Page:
Egypt consists geographically of two halves, the northern being the Delta, and the southern Upper Egypt, between Cairo and the First Cataract. In the Old Testament, Northern or Lower Egypt is called Mazor, "the fortified land" (Isa 19:6; 37:25, where the A.V. mistranslates "defence" and "besieged places"); while Southern or Upper Egypt is Pathros, the Egyptian Pa-to-Res, or "the land of the south" (Isa 11:11). But the whole country is generally mentioned under the dual name of Mizraim, "the two Mazors."
The civilization of Egypt goes back to a very remote antiquity. The two kingdoms of the north and south were united by Menes, the founder of the first historical dynasty of kings. The first six dynasties constitute what is known as the Old Empire, which had its capital at Memphis, south of Cairo, called in the Old Testament Moph (Ho 9:6) and Noph. The native name was Mennofer, "the good place."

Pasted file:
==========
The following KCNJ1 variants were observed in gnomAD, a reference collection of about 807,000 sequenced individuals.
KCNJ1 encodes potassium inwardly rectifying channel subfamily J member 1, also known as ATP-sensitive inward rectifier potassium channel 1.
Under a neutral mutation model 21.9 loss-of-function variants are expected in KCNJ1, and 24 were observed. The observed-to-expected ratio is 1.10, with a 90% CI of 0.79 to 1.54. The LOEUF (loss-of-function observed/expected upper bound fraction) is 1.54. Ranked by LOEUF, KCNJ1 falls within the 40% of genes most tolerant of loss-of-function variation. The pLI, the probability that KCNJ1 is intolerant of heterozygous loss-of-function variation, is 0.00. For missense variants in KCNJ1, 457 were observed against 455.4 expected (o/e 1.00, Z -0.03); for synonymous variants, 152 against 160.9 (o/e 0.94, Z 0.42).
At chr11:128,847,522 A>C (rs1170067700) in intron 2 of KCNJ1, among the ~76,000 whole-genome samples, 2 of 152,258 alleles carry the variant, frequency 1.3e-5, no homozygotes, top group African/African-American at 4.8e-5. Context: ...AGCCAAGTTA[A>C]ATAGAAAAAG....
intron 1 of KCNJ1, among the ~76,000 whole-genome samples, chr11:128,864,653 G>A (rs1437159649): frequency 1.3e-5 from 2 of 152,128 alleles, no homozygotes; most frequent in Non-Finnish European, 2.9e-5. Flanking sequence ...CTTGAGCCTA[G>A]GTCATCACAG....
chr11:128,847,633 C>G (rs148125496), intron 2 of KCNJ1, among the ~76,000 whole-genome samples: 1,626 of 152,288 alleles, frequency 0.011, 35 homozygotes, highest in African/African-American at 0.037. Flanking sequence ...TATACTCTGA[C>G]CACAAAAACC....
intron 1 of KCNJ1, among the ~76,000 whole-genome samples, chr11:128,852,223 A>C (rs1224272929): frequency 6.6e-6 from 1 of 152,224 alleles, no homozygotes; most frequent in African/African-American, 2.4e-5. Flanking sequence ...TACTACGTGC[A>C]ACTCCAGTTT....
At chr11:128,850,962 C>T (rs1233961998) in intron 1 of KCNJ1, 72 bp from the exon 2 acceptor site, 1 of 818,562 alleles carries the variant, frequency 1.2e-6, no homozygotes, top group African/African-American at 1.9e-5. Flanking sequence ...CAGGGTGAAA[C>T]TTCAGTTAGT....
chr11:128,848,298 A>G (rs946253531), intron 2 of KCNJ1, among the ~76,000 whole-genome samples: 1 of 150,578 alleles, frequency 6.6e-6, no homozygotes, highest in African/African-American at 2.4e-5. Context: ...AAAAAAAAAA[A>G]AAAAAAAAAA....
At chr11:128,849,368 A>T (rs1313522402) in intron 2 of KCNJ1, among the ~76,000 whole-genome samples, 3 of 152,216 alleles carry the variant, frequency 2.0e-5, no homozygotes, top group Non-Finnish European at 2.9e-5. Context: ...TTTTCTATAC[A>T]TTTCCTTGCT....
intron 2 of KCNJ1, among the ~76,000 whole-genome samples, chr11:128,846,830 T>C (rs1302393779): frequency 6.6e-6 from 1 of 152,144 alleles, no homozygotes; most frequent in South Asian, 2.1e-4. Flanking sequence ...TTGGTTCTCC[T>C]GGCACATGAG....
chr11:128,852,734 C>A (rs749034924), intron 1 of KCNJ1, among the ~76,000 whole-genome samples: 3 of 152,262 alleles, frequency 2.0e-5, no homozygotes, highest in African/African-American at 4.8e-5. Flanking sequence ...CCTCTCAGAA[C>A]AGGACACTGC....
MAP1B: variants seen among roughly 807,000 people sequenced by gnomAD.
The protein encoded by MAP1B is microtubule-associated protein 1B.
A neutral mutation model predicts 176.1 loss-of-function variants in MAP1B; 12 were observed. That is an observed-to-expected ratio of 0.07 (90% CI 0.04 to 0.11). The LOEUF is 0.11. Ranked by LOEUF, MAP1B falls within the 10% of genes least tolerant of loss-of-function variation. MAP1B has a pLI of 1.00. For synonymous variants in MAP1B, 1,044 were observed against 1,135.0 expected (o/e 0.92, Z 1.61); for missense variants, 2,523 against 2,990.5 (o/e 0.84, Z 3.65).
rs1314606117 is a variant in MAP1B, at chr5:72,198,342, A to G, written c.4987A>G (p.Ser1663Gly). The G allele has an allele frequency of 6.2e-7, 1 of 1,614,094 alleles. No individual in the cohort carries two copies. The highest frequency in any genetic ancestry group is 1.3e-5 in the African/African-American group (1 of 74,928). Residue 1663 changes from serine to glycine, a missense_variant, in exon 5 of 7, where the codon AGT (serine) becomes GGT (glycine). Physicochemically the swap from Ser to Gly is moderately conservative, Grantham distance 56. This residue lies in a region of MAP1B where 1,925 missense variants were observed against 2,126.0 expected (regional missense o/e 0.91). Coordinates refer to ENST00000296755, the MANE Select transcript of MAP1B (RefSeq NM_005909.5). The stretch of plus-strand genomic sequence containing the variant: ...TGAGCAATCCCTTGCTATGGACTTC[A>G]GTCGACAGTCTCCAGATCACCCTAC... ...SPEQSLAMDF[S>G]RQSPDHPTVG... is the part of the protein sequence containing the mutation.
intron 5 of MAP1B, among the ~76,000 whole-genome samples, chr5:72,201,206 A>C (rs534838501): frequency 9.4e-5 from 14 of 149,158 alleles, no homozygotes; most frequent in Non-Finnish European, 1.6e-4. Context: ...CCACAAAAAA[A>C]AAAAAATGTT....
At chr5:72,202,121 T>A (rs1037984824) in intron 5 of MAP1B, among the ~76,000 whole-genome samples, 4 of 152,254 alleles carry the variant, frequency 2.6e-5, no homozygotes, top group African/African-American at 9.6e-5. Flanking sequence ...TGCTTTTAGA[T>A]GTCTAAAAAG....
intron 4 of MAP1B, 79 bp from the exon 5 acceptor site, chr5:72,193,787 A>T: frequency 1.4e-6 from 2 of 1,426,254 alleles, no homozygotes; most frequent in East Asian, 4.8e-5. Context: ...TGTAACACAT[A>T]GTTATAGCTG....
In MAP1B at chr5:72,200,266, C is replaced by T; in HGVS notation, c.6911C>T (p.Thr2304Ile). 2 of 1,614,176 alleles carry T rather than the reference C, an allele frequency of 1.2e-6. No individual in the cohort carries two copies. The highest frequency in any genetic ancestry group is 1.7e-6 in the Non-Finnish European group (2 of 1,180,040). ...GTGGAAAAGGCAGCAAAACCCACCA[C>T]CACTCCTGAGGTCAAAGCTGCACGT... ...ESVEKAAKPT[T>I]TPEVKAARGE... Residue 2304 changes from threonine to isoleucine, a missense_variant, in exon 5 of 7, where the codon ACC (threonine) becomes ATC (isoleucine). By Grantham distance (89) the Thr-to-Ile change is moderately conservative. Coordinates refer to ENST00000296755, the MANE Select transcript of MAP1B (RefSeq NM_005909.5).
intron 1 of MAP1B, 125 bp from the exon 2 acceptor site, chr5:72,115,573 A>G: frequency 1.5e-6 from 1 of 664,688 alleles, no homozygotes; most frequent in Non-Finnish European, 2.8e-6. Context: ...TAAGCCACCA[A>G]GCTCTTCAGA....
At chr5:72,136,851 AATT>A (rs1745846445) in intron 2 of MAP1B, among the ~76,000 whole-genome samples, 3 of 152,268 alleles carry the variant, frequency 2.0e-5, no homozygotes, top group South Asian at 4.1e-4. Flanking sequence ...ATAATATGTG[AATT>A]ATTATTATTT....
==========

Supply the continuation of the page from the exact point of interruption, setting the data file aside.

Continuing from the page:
The Pyramids were tombs of the monarchs of the Old Empire, those of Gizeh being erected in the time of the Fourth Dynasty. After the fall of the Old Empire came a period of decline and obscurity. This was followed by the Middle Empire, the most powerful dynasty of which was the Twelfth. The Fayyum was rescued for agriculture by the kings of the Twelfth Dynasty; and two obelisks were erected in front of the temple of the sun-god at On or Heliopolis (near Cairo), one of which is still standing. The capital of the Middle Empire was Thebes, in Upper Egypt.
The Middle Empire was overthrown by the invasion of the Hyksos, or shepherd princes from Asia, who ruled over Egypt, more especially in the north, for several centuries, and of whom there were three dynasties of kings. They had their capital at Zoan or Tanis (now San), in the north-eastern part of the Delta. It was in the time of the Hyksos that Abraham, Jacob, and Joseph entered Egypt. The Hyksos were finally expelled about B.C. 1600, by the hereditary princes of Thebes, who founded the Eighteenth Dynasty, and carried the war into Asia. Canaan and Syria were subdued, as well as Cyprus, and the boundaries of the Egyptian Empire were fixed at the Euphrates. The Soudan, which had been conquered by the kings of the Twelfth Dynasty, was again annexed to Egypt, and the eldest son of the Pharaoh took the title of "Prince of Cush."